MOSCOW (Reuters) - Dozens of people were arrested at a protest in Moscow on Wednesday against constitutional reforms that give President Vladimir Putin the option to remain in power for another 16 years, witnesses and a monitoring group said.
About 500 demonstrators, many of whom wore face masks branded with the word “no”, chanted calls for Putin to resign and held up banners against the reforms.
Police surrounded them and began making arrests late in the evening after participants started a march down one of the city’s main boulevards, with officers in riot gear forcefully rounding up protesters and placing them in vans.
Over a hundred people were detained, according to the rights monitoring group OVD-info. There was no immediate confirmation from police or the government on numbers of arrests.
A vote earlier this month amended Russia’s constitution, handing Putin the right to run for two more presidential terms, an outcome the Kremlin described as a triumph.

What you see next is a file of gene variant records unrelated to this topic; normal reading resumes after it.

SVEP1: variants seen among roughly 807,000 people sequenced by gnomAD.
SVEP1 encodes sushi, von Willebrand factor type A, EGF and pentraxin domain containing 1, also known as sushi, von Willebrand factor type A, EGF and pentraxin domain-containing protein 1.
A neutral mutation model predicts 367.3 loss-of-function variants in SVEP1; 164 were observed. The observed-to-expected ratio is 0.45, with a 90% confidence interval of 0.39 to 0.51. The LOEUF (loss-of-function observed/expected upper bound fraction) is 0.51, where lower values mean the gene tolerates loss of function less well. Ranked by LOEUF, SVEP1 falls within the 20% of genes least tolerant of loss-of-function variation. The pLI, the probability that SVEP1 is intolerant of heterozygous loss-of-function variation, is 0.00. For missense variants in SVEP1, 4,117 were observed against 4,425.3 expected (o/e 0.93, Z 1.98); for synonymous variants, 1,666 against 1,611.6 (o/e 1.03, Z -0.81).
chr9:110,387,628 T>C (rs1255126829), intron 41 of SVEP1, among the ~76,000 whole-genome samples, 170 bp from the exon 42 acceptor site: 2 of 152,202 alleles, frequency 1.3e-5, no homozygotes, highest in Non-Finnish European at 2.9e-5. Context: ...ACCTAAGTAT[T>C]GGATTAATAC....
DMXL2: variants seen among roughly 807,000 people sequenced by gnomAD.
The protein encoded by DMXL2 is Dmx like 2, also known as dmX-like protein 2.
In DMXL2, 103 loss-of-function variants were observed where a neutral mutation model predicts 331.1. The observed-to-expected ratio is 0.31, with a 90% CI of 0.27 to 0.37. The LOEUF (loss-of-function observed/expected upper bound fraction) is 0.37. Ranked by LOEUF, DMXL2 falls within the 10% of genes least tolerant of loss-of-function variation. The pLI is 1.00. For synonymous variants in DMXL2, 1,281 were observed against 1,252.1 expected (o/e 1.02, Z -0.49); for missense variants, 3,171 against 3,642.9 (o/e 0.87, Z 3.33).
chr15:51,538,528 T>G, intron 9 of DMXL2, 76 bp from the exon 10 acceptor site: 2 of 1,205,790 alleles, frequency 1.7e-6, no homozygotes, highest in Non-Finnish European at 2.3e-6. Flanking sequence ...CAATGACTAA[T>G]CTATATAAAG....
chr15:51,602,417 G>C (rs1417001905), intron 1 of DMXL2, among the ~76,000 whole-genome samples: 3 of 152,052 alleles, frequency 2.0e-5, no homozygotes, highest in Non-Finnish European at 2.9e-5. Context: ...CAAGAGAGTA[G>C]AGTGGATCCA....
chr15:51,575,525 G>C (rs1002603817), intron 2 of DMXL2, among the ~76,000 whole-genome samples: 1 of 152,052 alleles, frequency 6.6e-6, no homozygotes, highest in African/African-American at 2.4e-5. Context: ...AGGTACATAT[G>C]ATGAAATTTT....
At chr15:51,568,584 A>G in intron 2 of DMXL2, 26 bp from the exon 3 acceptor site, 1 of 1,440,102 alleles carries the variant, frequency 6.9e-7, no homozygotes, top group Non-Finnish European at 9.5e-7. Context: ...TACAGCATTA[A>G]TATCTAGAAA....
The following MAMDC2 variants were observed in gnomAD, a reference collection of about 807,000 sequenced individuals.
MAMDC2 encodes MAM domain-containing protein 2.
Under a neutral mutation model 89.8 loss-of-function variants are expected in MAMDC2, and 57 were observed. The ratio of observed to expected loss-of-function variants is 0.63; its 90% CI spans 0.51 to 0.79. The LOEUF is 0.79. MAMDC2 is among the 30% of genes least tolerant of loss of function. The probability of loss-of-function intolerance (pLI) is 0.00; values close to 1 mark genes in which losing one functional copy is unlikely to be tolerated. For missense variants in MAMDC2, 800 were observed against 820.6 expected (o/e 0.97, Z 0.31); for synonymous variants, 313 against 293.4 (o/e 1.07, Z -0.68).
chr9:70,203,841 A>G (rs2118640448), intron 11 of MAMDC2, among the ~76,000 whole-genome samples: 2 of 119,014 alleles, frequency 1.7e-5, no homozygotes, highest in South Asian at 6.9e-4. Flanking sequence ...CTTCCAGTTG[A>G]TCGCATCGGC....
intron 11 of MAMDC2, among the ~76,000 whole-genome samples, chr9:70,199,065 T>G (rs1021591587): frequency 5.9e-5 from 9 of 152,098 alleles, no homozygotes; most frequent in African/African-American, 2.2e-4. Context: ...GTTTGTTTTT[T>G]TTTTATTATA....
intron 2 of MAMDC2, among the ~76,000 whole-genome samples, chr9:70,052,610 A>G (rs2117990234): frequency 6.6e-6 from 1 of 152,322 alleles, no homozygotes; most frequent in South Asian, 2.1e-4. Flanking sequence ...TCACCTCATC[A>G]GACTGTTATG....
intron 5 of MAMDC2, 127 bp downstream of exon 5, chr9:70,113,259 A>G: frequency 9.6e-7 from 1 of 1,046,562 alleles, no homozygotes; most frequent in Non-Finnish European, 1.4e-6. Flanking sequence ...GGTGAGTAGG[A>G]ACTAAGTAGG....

Opposition activists say the vote was illegitimate and that it is time for Putin, who has ruled Russia for over two decades as president or prime minister, to step down.
“I came here to sign the petition against the constitutional reforms because I am a nationalist,” said one 40-year old man in a black t-shirt as protesters chanted “Putin is a thief”.
Fourteen-year old Vasilisa said she also signed the petition because Putin “is to blame for the poverty in our country”.
“Gay people are killed here, women are beaten up here, and no one is ever held accountable,” she said.
Two Russian activists involved in the campaign against the constitutional reforms were detained last week and the homes of five others were searched, ahead of the scheduled protest, which had not been sanctioned by authorities.
Mass gatherings are banned in the capital because of COVID-19 restrictions. Even in normal times, protests of more than one person require the authorities’ advance consent.
Reporting by Anton Zverev; Writing by Polina Ivanova; Editing by Emelia Sithole-Matarise and Andrew Cawthorne